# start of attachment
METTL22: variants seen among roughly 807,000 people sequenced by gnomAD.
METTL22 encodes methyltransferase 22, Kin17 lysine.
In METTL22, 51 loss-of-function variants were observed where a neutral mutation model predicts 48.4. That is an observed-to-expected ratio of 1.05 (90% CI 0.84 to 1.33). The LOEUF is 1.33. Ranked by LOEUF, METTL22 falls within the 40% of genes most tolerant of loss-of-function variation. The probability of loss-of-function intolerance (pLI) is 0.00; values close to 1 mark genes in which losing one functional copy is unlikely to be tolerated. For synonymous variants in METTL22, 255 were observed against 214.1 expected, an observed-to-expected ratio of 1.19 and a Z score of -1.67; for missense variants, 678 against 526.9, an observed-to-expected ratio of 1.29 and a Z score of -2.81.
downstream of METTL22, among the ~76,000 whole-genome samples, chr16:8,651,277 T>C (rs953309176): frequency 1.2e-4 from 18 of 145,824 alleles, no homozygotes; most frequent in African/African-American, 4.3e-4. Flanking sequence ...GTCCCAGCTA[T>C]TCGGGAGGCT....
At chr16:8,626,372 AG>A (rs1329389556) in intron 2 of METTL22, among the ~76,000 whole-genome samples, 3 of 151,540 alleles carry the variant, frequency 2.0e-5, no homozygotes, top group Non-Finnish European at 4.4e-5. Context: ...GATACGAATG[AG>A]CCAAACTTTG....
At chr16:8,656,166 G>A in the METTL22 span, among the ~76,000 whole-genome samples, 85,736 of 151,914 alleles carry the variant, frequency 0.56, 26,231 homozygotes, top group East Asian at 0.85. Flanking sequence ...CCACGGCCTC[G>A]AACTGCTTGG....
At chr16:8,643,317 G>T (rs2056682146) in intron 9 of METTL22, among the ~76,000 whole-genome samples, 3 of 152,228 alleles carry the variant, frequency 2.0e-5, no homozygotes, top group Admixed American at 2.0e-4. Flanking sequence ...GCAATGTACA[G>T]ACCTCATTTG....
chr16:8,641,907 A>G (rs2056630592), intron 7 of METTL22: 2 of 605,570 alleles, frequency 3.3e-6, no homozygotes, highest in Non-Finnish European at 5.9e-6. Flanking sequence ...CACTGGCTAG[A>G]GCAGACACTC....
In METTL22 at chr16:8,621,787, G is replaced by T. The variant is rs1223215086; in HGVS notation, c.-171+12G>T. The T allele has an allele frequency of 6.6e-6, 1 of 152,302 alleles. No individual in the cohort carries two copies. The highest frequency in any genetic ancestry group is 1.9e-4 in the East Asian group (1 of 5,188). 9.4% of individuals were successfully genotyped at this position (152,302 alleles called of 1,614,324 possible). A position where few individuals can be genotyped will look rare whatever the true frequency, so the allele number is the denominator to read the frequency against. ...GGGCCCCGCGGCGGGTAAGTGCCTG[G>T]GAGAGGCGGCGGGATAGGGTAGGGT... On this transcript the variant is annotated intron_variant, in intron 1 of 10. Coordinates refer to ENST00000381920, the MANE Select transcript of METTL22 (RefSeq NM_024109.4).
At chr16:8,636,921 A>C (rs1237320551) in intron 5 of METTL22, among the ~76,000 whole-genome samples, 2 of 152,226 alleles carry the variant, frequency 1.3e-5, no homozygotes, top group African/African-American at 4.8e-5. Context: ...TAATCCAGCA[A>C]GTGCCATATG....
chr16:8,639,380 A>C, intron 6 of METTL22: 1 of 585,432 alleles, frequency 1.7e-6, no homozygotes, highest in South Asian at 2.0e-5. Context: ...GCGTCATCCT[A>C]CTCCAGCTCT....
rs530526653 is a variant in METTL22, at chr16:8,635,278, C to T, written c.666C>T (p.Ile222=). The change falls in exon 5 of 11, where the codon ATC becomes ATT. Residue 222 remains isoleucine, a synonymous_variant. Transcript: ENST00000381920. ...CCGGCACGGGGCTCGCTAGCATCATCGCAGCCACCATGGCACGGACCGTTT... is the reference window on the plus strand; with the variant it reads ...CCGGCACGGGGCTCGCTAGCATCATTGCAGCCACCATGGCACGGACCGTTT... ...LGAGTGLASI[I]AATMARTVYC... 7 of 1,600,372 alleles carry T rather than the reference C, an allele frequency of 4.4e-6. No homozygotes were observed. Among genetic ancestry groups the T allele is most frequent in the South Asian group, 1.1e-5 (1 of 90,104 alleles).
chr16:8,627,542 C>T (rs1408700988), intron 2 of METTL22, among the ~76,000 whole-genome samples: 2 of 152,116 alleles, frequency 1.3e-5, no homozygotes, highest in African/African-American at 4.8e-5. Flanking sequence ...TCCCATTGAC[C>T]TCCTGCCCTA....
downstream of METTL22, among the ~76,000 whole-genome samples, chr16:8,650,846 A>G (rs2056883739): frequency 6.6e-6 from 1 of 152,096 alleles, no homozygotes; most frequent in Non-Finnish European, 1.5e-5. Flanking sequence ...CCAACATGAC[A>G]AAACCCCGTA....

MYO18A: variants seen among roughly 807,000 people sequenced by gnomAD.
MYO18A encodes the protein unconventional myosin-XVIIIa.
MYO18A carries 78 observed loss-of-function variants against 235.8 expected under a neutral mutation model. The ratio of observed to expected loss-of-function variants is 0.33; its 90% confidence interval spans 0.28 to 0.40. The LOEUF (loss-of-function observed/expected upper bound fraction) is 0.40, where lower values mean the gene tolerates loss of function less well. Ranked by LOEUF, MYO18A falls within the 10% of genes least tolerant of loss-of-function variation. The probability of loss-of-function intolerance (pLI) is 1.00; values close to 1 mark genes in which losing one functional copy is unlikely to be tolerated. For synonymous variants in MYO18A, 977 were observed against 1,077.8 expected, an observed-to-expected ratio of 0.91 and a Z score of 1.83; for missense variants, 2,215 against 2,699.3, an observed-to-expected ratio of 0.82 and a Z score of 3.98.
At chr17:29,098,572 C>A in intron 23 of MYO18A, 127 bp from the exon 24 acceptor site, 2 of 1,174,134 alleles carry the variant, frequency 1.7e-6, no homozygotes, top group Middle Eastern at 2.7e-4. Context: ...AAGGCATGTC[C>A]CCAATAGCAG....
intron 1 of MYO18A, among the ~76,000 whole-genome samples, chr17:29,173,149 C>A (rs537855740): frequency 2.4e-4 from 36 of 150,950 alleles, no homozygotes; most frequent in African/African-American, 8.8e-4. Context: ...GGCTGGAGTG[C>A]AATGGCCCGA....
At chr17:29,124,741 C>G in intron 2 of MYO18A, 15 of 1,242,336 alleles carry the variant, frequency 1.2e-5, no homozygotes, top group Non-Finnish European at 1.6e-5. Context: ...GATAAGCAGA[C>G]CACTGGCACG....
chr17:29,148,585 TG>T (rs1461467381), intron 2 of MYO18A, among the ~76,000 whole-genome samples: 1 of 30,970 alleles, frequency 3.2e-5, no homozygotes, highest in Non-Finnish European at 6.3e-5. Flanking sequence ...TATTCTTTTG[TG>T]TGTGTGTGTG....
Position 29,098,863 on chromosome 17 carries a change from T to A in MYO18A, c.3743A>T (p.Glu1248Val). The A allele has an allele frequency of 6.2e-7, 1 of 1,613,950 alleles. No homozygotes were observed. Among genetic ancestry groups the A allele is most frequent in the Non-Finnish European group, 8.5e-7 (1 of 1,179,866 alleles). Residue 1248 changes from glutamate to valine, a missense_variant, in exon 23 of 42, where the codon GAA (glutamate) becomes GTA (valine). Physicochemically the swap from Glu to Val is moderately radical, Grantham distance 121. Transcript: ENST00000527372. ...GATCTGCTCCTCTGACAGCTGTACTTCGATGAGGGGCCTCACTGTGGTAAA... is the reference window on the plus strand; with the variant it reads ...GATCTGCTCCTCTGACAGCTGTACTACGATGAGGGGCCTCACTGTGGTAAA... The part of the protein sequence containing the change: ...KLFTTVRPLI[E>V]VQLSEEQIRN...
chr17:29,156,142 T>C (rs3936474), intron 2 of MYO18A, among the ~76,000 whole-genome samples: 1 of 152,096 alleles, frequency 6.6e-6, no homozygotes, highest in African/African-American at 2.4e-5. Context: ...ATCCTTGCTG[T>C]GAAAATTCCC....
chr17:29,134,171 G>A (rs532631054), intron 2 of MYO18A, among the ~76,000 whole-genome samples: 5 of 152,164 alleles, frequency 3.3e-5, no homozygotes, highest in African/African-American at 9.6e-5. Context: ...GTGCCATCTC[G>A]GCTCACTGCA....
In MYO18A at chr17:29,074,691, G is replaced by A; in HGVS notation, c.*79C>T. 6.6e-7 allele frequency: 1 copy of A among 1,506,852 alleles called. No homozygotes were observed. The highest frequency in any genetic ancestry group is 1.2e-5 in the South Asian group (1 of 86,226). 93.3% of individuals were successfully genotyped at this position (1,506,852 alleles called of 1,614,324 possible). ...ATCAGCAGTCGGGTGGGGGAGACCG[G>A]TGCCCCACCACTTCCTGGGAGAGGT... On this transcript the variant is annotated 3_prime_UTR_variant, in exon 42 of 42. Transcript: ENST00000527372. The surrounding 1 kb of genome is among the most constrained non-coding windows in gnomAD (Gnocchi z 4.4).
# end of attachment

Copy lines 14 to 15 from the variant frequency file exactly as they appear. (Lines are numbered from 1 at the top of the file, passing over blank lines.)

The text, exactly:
downstream of METTL22, among the ~76,000 whole-genome samples, chr16:8,650,846 A>G (rs2056883739): frequency 6.6e-6 from 1 of 152,096 alleles, no homozygotes; most frequent in Non-Finnish European, 1.5e-5. Flanking sequence ...CCAACATGAC[A>G]AAACCCCGTA....

MYO18A: variants seen among roughly 807,000 people sequenced by gnomAD.